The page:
Earlier in the week I answered a few questions about some of the more prominent figures in fantasy this season. Now it’s time to finish the week with questions that are most pertinent to fantasy players in deep leagues, though hopefully everybody can find something to think about here.
What to expect from Thon Maker this season?
Thon Maker’s reputation has been punching above his play’s weight class since the Bucks drafted him.
He initially entered the basketball world’s consciousness because of the ridiculous videos that kept landing on YouTube. The excitement caused by the 7-foot point forward he’d become known as was deflated by pre-draft reports that he may be older than advertised, adding anywhere from one year to three to his age. The intrigue may have peaked with a Howard Beck feature story for Bleacher Report’s magazine, B/R Mag.
However, his game brings plenty of intrigue as well. Though he is not really the ball-handling giant people came to expect, he is a high motor seven-footer with a three-point shot and a 36-inch vertical. That, coupled with the rise of young bigs like Karl-Anthony Towns and Kristaps Porzingis, is enough to make some people see a unicorn.
The big question is whether that is a fair expectation.
If you were to make that assertion based solely off of last season, the answer would be a resounding no. Based on fb-ninja.com’s player rater, he was the 367th best player in standard nine-category leagues last season. Some optimism may arise from the steady increase in playing time he received as the season went on, but he was never particularly productive. Many people remember the 23-point game where he shot 4-of-7 from the three-point line, but not so many remember the games before and after.
However, Maker just begs you to believe that he is going to break out as a sophomore. He is, I repeat, a seven-footer with three-point range. He’ll be starting this year, which means the Bucks obviously see him as somebody they will rely on. He is older, wiser, and in a better position to succeed.
Through two games, there is a bit of reason to pump the brakes on that narrative. While he has started both games, he is only averaging 15.5 minutes. While he may take on more minutes as the year progresses, there’s not much reason to think he could extend past about 24 minutes per game.
Which brings me to my unfortunate conclusion. Maker is exciting, and in real life I think he really does bring a lot of positives to the table. Sadly, your fantasy league only cares about what his box score looks like. There are a few proven centers out there that can hit three-pointers that bring less risk. While Maker brings the possibility of blocking a shot per game, he doesn’t look like much of a rebounder, nor does he look like a scorer that will bring volume or efficiency to the table.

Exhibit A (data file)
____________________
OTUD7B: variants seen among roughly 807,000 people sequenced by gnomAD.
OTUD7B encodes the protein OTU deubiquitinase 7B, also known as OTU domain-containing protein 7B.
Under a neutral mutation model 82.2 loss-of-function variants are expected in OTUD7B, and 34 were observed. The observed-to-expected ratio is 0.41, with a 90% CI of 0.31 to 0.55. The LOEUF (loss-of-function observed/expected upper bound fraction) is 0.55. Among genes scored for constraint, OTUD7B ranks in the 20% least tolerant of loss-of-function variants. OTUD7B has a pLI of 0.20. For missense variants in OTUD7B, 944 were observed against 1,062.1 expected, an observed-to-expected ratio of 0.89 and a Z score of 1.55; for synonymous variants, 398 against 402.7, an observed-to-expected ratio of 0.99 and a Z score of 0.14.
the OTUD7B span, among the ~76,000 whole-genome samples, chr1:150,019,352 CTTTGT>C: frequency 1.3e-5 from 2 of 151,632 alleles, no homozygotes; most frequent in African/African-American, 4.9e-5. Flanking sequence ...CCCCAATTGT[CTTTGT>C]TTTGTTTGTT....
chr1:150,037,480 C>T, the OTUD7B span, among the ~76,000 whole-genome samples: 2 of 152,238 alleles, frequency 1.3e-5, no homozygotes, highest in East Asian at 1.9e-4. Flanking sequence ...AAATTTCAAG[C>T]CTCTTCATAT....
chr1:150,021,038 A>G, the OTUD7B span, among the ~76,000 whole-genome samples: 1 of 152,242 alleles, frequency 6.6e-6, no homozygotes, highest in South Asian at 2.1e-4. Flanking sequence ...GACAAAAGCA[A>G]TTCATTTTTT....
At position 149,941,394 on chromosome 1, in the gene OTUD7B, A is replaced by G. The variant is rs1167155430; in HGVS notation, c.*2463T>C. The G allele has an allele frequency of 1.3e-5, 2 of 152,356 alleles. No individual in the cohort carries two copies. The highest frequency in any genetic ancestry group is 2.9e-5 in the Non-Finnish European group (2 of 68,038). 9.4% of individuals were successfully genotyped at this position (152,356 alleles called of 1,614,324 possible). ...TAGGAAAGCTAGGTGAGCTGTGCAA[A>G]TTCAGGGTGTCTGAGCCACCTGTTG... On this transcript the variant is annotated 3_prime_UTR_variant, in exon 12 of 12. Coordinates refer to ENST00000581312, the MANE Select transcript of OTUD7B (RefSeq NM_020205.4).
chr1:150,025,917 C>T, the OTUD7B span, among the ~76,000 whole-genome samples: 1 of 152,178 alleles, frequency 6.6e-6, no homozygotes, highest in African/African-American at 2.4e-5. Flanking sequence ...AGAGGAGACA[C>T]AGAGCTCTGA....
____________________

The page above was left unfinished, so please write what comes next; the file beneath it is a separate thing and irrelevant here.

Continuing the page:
In other, simpler words, he will need to improve a lot to even crack the top 200 players this season. Even if you’re in a deep league, you’re gambling if you take him. With my back against the wall, I predict that he ends up being about the 250th ranked player at the end of the season. I will be amazed if he makes the top 150, which means he has no business being taken in 12-team leagues or smaller, and only his biggest believers should take him in leagues smaller than 18 teams.
Can Brandon Knight be fantasy relevant again?
Brandon Knight has been one of the more tragic figures in the NBA over recent seasons. After establishing himself as an exciting scoring guard, injuries have limited him. That trend continues this year, as he is expected to miss the entire season with a torn ACL. In the three seasons prior to this one, he played 63 games, then 52, and then 54.
After maintaining solid per game numbers despite his early injuries, he saw his scoring average plummet to 11.0 last season. He had made his mark as a high-volume, low-efficiency scorer in the past, but it appears that he may not be cut out for the minutes to justify the volume anymore.
He will turn 26 this December, which adds another layer of confusion to the mix. He’s not old enough to simply write off. Though it is not likely that he will ever be a prominent guard again, he is young enough to see a resurgence in a sixth man role.
The unfortunate conclusion to this section is that, even if he can create a niche as a go-to guy in small minutes, I doubt he’ll ever be useful in fantasy again. His career-high in field goal percentage is 42.2%. Without volume, he simply won’t be able to maintain helpful fantasy numbers. Without his health, he won’t be able to regain volume. I’d be surprised to see another season in which he enters the top 200 fantasy players, though I am certainly cheering for him to prove me wrong.
Will Enes Kanter and Willy Hernangomez help or hurt each other this season?
Admittedly, I benefit from answering this question after watching the first Knicks game of the year. In a move that upset certain portions of NBA nerd twitter and my deeper fantasy leagues, Willy Hernangomez only played four minutes. On the other end of this question, Enes Kanter got 22, which only trailed Kristaps Porzingis among New York’s big men.